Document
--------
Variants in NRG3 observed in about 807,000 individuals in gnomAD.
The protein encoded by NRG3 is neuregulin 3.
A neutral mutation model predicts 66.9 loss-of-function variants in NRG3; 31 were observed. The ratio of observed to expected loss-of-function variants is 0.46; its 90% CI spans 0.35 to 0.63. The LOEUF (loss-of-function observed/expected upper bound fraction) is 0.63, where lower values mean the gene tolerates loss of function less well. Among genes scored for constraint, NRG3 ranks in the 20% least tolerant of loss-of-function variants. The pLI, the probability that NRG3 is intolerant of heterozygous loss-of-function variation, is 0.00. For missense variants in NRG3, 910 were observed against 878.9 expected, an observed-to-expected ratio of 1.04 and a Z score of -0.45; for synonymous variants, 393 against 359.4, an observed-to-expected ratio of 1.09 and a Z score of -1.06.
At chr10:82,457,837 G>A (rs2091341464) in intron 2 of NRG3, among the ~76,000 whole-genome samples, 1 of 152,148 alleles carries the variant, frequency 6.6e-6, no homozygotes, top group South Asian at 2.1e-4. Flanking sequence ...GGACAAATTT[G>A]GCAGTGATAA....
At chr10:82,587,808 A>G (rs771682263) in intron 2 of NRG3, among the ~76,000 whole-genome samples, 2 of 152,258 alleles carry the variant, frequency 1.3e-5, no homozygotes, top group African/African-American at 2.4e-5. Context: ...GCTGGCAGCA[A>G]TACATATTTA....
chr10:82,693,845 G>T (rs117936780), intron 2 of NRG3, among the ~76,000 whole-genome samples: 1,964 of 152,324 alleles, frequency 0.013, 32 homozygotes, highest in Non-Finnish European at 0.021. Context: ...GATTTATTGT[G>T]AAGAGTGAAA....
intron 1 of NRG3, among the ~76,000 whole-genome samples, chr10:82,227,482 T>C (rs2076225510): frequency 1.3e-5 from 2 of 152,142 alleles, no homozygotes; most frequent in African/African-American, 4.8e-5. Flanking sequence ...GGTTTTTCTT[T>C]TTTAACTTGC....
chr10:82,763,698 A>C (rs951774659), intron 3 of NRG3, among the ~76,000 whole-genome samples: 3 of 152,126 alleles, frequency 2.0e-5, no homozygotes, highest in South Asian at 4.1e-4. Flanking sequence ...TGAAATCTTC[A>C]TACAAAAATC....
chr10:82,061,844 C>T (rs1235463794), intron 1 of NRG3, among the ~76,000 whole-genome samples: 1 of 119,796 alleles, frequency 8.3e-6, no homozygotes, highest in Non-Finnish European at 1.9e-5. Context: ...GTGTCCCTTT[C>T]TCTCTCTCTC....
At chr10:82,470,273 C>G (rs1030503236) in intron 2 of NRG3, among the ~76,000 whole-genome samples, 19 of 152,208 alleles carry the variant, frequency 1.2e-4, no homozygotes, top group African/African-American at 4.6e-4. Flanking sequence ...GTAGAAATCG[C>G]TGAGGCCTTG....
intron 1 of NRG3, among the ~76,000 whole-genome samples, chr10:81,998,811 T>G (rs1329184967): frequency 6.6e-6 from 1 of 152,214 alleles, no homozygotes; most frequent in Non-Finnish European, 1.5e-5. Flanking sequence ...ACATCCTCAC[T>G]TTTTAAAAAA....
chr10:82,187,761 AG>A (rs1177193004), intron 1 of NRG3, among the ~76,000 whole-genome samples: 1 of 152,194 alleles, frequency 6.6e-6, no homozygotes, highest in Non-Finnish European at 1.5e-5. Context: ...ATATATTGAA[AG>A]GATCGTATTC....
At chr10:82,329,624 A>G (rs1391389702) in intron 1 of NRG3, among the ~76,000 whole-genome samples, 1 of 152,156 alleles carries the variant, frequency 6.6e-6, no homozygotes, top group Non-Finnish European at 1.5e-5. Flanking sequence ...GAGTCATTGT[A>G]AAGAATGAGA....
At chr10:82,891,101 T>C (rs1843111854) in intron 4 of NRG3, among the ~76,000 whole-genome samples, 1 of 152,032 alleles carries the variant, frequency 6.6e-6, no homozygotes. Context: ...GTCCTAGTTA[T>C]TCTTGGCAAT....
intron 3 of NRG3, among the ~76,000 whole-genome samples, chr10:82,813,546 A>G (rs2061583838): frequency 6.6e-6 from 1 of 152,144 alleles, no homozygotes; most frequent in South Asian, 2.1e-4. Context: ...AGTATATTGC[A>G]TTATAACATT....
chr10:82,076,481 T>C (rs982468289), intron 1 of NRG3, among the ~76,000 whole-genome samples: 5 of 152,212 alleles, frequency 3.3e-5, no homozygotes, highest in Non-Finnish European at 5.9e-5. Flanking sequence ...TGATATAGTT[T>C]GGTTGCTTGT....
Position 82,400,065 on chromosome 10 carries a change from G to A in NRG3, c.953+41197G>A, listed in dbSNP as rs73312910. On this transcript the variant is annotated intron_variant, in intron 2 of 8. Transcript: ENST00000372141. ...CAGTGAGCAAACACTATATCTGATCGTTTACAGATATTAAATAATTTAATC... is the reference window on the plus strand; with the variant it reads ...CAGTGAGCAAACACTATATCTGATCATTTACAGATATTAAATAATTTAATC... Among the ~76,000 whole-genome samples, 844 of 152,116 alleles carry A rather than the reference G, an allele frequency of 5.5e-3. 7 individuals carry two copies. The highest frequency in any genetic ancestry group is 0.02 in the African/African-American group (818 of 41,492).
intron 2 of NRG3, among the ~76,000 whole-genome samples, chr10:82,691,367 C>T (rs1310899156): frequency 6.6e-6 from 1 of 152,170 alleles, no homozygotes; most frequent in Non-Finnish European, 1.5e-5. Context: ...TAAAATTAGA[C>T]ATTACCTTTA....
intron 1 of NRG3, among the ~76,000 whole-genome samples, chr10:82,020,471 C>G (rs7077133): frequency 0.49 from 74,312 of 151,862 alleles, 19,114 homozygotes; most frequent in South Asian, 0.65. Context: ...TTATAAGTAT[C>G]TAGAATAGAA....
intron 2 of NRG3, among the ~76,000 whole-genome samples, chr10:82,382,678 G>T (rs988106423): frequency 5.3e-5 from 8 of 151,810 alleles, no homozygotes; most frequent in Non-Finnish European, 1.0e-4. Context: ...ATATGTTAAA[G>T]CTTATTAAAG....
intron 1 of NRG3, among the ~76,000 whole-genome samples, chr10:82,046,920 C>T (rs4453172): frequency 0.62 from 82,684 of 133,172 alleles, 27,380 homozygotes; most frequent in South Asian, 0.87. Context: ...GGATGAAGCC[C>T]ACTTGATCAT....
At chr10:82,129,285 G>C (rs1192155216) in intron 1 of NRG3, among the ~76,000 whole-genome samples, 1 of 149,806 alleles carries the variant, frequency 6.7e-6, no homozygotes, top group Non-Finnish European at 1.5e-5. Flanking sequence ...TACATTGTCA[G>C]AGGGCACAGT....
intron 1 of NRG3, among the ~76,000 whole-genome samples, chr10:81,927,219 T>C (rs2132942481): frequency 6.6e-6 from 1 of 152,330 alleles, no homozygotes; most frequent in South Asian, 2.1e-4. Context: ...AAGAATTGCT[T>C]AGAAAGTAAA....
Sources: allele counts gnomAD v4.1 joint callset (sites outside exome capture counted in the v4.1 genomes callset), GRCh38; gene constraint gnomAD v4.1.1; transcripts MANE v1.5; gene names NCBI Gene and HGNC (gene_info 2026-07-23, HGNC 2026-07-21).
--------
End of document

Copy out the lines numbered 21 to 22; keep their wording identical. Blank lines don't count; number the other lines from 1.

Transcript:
intron 1 of NRG3, among the ~76,000 whole-genome samples, chr10:82,046,920 C>T (rs4453172): frequency 0.62 from 82,684 of 133,172 alleles, 27,380 homozygotes; most frequent in South Asian, 0.87. Context: ...GGATGAAGCC[C>T]ACTTGATCAT....
At chr10:82,129,285 G>C (rs1192155216) in intron 1 of NRG3, among the ~76,000 whole-genome samples, 1 of 149,806 alleles carries the variant, frequency 6.7e-6, no homozygotes, top group Non-Finnish European at 1.5e-5. Flanking sequence ...TACATTGTCA[G>C]AGGGCACAGT....